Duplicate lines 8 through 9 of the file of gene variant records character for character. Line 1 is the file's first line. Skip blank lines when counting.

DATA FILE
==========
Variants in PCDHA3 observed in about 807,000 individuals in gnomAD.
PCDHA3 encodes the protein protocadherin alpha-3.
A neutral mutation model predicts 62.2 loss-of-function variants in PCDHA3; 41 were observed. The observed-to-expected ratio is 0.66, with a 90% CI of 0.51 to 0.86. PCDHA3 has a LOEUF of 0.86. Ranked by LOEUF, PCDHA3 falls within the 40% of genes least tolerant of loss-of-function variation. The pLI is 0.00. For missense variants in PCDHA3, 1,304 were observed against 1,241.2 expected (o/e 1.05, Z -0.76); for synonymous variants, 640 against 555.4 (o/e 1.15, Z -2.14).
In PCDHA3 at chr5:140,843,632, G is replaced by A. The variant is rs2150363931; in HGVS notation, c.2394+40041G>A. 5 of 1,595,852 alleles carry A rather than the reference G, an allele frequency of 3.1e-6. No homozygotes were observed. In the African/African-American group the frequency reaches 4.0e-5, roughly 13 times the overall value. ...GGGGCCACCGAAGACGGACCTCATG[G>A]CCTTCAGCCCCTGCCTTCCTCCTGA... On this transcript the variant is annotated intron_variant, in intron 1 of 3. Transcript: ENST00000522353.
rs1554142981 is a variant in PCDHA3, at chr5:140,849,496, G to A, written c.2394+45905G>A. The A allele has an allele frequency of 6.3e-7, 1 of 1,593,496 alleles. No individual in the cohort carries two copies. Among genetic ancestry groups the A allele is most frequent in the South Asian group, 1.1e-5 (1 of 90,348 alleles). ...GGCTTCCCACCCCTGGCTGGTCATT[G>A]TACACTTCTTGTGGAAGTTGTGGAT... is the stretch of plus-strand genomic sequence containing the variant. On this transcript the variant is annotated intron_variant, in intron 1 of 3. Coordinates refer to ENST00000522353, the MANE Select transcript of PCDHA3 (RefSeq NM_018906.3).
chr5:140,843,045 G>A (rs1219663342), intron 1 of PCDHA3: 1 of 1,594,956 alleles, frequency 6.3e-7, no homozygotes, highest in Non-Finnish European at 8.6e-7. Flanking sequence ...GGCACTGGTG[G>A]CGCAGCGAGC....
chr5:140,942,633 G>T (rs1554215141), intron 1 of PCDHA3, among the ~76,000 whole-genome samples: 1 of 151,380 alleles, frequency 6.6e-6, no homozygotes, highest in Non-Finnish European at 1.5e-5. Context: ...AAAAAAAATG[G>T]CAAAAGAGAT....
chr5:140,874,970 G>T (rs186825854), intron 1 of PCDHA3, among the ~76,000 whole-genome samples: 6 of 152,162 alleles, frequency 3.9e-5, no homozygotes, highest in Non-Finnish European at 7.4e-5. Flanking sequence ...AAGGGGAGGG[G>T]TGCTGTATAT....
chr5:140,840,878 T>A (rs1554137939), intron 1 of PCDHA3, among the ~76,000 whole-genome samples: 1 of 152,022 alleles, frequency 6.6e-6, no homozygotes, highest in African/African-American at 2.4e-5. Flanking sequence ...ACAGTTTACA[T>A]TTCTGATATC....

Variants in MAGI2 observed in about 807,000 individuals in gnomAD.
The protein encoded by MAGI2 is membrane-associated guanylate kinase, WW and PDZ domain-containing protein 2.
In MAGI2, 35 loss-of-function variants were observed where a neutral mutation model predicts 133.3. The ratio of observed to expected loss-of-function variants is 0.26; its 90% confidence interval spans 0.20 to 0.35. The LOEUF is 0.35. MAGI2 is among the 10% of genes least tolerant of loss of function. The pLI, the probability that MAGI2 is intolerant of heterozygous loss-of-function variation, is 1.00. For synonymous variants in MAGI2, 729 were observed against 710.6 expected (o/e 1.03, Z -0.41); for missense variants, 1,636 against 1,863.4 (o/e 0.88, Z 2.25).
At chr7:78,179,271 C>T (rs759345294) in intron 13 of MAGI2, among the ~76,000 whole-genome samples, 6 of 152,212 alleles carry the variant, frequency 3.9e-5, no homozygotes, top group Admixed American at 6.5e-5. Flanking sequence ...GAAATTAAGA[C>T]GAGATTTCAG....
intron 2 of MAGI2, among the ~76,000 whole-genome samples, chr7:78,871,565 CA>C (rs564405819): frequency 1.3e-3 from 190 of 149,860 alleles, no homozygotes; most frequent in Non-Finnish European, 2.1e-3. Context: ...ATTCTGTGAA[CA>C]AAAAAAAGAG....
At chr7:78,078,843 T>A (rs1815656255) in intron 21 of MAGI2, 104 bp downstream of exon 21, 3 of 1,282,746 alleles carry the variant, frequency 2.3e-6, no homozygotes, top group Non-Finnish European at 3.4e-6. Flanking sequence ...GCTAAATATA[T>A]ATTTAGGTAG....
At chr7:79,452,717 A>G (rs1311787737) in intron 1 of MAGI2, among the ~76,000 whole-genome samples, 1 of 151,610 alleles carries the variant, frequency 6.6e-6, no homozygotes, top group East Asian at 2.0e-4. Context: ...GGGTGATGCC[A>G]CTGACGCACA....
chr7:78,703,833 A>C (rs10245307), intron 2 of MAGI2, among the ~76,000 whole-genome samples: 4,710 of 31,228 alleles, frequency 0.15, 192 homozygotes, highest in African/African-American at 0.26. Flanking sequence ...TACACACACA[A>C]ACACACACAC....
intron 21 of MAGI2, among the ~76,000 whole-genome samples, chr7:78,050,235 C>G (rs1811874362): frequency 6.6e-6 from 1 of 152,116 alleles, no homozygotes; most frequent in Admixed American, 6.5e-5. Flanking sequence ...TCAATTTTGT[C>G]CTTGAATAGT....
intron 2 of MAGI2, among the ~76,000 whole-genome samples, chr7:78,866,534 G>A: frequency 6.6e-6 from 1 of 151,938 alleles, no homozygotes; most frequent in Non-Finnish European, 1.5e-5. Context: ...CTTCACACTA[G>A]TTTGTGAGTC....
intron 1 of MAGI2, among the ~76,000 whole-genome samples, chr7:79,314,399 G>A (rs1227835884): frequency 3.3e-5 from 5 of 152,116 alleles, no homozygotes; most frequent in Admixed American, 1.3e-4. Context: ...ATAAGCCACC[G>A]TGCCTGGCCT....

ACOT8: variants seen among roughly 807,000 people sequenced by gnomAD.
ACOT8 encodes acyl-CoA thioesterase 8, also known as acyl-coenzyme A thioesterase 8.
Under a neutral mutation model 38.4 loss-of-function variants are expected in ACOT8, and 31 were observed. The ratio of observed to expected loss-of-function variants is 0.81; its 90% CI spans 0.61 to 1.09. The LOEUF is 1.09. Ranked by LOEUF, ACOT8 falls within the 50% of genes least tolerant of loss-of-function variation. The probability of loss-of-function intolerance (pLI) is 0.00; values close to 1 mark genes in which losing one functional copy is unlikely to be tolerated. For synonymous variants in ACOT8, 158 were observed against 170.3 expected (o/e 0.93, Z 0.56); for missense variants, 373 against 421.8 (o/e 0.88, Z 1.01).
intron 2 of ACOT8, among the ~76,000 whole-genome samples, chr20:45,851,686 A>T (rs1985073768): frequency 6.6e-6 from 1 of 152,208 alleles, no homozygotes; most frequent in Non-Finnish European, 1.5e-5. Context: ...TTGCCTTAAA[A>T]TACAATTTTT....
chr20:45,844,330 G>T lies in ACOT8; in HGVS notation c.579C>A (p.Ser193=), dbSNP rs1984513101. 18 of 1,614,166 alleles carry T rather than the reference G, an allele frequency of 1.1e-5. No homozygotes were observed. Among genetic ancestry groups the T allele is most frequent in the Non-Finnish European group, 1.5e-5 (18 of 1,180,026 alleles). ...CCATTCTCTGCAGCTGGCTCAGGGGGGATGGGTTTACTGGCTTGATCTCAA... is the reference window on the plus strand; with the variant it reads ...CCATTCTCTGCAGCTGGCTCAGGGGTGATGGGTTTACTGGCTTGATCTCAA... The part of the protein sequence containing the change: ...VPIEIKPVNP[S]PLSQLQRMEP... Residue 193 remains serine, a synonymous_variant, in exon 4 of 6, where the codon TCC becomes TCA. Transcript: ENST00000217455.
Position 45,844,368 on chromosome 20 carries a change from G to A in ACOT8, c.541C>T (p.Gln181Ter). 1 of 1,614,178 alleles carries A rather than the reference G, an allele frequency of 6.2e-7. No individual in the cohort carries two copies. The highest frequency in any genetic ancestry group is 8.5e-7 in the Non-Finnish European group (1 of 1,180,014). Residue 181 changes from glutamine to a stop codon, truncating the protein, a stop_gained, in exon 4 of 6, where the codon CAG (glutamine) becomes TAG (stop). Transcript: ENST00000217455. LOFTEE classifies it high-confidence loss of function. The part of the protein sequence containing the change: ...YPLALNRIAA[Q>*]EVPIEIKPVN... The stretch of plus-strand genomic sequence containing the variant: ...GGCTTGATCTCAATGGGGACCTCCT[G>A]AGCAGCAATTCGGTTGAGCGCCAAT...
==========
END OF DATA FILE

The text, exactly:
chr5:140,874,970 G>T (rs186825854), intron 1 of PCDHA3, among the ~76,000 whole-genome samples: 6 of 152,162 alleles, frequency 3.9e-5, no homozygotes, highest in Non-Finnish European at 7.4e-5. Flanking sequence ...AAGGGGAGGG[G>T]TGCTGTATAT....
chr5:140,840,878 T>A (rs1554137939), intron 1 of PCDHA3, among the ~76,000 whole-genome samples: 1 of 152,022 alleles, frequency 6.6e-6, no homozygotes, highest in African/African-American at 2.4e-5. Flanking sequence ...ACAGTTTACA[T>A]TTCTGATATC....